- Jaylon Smith (3): Two stuffs and a sack
- Elijah Shumate (2.5): Includes a facemask penalty that negated one of his tackles for loss.
- Romeo Okwara (2): Stuffs on consecutive snaps to force a Texas FG
-- Sheldon Day, Daniel Cage, Joe Schmidt, Doug Randolph, Jerry Tillery each recorded one apiece, with Tillery’s counting as a sack. Cage and Schmidt were in on two separate stuffs, sharing them with Irish teammates.
Also sharing a stuff were Nick Watkins and Drue Tranquill (thus 0.5 apiece), Max Redfield (with Shumate), and Isaac Rochell (with Schmidt and Cage) on third down.
-- The 2014 Irish were led by Smith with 28 total (combined TFL/Stuffs) including 19 stuffs, with Isaac Rochell (24.5) and Joe Schmidt (19.5 in 8.5 games) finishing second and third, respectively. Nose tackle Jarron Jones, out for the season with a torn MCL, tied Schmidt with 19.5 combined stuffs/TFL in 10.5 games played.
PENETRATION AND PRESSURES
Quarterback hurries is an inconsistently tracked, arbitrary and unofficial statistic. (For instance, Justin Tuck finished with a program record13.5 sacks in 2003 but was credited with one pressure. Impossible.)
After a full film review, the follow Irish defenders applied pressure on Texas triggermen:
-- Sheldon Day (3.5 pressures)
-- Drue Tranquill (2 pressures)
-- Isaac Rochell (1.5 pressures)
-- Andrew Trumbetti (1 pressure – you could argue 1.5)
-- Jonathan Bonner (1 pressure)
-- Greer Martini (1 pressure)
-- James Onwualu/Jaylon Smith (1 pressure apiece/same snap)
Notre Dame’s official tally for the game was eight (including 4 for Sheldon Day rather than the 3.5 noted above).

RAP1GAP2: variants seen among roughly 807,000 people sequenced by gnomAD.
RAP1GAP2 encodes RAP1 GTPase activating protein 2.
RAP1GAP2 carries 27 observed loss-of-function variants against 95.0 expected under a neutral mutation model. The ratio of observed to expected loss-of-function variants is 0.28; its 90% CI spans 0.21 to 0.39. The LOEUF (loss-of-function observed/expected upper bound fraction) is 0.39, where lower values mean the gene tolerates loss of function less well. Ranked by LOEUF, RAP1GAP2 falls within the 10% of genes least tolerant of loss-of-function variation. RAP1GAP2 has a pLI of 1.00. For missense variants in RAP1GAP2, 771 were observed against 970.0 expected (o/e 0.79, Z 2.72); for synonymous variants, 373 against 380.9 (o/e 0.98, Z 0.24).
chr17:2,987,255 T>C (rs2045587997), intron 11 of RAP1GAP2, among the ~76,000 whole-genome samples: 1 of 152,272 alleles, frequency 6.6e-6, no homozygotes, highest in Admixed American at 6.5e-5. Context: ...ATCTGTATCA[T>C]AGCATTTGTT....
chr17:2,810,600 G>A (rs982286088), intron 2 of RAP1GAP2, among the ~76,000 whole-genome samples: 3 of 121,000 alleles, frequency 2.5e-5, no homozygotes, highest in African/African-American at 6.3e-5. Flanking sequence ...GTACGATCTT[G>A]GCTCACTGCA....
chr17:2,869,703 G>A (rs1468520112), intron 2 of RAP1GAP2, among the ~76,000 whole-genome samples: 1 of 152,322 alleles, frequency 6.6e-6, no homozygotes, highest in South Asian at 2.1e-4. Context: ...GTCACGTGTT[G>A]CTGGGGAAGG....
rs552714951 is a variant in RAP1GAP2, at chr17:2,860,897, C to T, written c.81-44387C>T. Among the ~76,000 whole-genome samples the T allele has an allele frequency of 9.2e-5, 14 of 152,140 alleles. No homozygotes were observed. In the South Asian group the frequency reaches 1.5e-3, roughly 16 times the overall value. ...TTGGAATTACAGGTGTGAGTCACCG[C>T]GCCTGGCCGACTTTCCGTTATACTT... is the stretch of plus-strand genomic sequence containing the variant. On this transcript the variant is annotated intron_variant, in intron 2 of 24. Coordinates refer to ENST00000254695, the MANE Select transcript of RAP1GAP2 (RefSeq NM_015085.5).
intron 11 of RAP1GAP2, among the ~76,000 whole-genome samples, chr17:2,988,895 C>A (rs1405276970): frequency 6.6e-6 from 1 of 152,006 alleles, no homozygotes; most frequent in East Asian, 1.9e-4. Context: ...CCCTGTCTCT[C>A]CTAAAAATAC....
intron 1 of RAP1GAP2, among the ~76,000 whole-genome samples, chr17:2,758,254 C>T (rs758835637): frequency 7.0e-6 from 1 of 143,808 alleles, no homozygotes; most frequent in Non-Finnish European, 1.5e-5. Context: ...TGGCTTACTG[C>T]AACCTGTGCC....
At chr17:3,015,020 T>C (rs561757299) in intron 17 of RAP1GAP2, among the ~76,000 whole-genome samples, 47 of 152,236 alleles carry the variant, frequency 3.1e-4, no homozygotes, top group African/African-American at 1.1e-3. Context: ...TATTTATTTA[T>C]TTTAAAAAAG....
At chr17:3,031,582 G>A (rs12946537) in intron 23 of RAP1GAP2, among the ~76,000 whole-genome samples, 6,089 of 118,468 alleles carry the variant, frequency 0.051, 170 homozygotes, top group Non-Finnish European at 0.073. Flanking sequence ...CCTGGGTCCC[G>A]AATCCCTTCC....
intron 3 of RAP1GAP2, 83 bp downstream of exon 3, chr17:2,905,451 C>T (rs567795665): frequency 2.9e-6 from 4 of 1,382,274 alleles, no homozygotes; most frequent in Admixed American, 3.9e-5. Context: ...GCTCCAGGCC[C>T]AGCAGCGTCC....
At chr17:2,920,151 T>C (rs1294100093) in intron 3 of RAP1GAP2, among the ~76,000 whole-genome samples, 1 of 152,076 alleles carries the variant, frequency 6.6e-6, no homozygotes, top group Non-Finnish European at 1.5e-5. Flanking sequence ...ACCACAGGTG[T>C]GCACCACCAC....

DOWN THE FIELD
Texas rarely stressed the Irish secondary deep, but part of our 2015 tracking system includes “Coverage Wins.” The Irish fared well in limited opportunities.
Cole Luke (2) – Stopped a go-route late in the first half and a 3rd-and-9 throw in the second, officially receiving one pass breakup on the stat sheet.
Max Redfield (1) – A late-game hit to ensure an incompletion
Devin Butler (1) – Quality coverage on a first half seam route
Nick Coleman (1) – Defended a late-first half deep ball with solid position
-- We’ll also track “Coverage Losses,” only one of which occurred Saturday: A post route that beat KeiVarae Russell for 48 yards to set up Texas’ only score.
PENALTIES AND PROBLEMS
The Irish didn’t incur a defensive penalty, though linebacker Jaylon Smith drew one (holding) as did running back C.J. Prosise (horse-collar). Backup QB DeShone Kizer drew a late hit out of bounds on the final series and Max Redfield drew a personal foul when he was smacked in the face.
-- Nick Martin, Quenton Nelson, Steve Elmer, and Ronnie Stanley were all flagged for false starts/procedure penalties and Drue Tranquill lined up offsides on kickoff.
-- I tagged the following defenders for definitive missed tackles over the course of the contest: Max Redfield (2), Joe Schmidt, Elijah Shumate, Drue Tranquill, Nyles Morgan, and Jaylon Smith.
-- Per Pete Sampson, Schmidt was the most targeted Irish defender in pass coverage. In one such instance, a rare mis-read by Schmidt resulted in a 30-yard gain on a tunnel screen.
-- For the first time since the 2013 season, no Irish receiver drew a pass interference or holding call against the secondary – too open, perhaps.
And there’s your Week One look Beyond the Numbers…